Strains within gut microbial species codiversified with human populations, study finds

Strains within dozens of bacterial species in the gut microbiota codiversified with human populations as they spread across the globe, according to a new study. The findings underscore the importance of understanding the potential role of population-specific microbial strains in microbiome-mediated disease and microbiota-based therapeutics.

The human gut microbiome contains hundreds of species of bacteria, and many of the most prominent species are found in people worldwide. However, within microbial species, some strains can show remarkable genetic diversity between specific human populations. Whether or not this strain-level diversity arose through a shared evolutionary history between humans and their commensal microbes isn't fully understood.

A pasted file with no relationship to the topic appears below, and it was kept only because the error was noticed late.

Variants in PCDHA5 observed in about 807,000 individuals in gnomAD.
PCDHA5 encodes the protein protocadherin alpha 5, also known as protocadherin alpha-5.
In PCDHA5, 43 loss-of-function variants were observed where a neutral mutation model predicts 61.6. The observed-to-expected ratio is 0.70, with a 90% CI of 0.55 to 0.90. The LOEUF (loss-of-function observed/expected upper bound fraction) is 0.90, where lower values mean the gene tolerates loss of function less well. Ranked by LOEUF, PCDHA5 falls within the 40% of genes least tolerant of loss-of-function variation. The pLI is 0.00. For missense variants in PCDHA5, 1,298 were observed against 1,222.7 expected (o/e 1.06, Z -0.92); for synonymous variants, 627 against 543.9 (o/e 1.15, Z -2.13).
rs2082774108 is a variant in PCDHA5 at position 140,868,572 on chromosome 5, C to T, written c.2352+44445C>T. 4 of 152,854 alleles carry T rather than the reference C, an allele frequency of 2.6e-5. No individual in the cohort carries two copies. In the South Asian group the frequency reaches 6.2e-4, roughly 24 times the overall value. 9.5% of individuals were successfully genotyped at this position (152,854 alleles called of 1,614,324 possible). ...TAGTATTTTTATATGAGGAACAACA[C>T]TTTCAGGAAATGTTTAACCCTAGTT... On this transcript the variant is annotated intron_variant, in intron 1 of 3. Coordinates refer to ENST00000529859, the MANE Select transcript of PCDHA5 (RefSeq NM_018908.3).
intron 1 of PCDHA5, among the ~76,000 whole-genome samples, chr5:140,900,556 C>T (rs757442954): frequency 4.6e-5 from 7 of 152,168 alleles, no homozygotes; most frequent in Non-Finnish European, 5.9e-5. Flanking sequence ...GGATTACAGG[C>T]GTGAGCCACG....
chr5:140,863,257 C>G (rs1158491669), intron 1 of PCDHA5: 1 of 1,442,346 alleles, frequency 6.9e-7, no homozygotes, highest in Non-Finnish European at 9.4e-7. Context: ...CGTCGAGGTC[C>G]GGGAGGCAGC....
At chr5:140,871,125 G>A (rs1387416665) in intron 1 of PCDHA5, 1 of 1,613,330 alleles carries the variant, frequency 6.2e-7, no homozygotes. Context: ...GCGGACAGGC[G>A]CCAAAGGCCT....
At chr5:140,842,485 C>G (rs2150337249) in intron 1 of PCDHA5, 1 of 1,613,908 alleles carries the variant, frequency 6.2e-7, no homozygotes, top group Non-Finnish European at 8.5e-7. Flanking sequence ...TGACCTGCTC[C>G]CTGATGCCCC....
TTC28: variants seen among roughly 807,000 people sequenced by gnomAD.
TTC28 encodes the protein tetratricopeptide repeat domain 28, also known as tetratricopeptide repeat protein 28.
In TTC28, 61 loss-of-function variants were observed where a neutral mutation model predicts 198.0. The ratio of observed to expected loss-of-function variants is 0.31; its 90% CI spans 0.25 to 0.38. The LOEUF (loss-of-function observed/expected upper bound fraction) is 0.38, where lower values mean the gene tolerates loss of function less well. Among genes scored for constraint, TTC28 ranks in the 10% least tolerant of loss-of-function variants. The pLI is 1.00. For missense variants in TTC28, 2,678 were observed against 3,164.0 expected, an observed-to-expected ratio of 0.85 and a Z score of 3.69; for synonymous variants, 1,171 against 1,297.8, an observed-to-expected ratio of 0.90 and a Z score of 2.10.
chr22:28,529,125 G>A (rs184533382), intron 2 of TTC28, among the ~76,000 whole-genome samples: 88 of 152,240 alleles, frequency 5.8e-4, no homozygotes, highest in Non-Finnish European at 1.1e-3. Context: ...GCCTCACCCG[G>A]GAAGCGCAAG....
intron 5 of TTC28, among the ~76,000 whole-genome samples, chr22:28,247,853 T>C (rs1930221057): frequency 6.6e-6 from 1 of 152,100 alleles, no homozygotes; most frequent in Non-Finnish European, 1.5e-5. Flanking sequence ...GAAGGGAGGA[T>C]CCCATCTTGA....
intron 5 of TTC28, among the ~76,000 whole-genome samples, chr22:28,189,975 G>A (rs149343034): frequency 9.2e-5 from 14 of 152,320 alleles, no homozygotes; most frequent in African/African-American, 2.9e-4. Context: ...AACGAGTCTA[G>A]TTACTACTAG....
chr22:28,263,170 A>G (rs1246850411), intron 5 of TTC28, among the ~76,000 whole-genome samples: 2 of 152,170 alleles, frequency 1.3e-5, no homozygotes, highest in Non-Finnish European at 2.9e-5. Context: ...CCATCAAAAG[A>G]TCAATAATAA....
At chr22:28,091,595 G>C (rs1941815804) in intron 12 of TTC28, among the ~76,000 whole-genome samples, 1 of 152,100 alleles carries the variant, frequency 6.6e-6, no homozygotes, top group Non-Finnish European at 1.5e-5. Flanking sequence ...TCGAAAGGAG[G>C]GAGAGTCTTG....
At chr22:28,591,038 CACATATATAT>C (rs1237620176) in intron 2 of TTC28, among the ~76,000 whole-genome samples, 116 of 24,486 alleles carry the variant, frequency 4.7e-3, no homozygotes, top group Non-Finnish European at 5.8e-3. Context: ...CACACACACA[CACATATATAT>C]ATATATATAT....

To test for codiversification, Taichi Suzuki and colleagues evaluated paired gut metagenomes and human genomes for 1225 individuals living in Europe, Asia and Africa. Suzuki et al. discovered 60 microbial strains that, between and within countries, have evolutionary histories in parallel with human phylogenies, indicating codiversification. The authors also found that the species displaying the strongest codiversification appear to have also independently evolved traits such as oxygen and temperature intolerance and reduced genomes, indicating host dependency.

"The study's results highlight that gut bacterial communities are not haphazard collections of bacteria but reflections of the distinct ancestries of human populations," writes Andrew Moeller in a related Perspective. "It will be worthwhile to explore whether efforts to restore microbiota for human health can be informed by the history of codiversification uncovered by Suzuki et al."

Source:
Journal reference:

Suzuki, T.A., et al. (2022) Codiversification of gut microbiota with humans. Science. doi.org/10.1126/science.abm7759.

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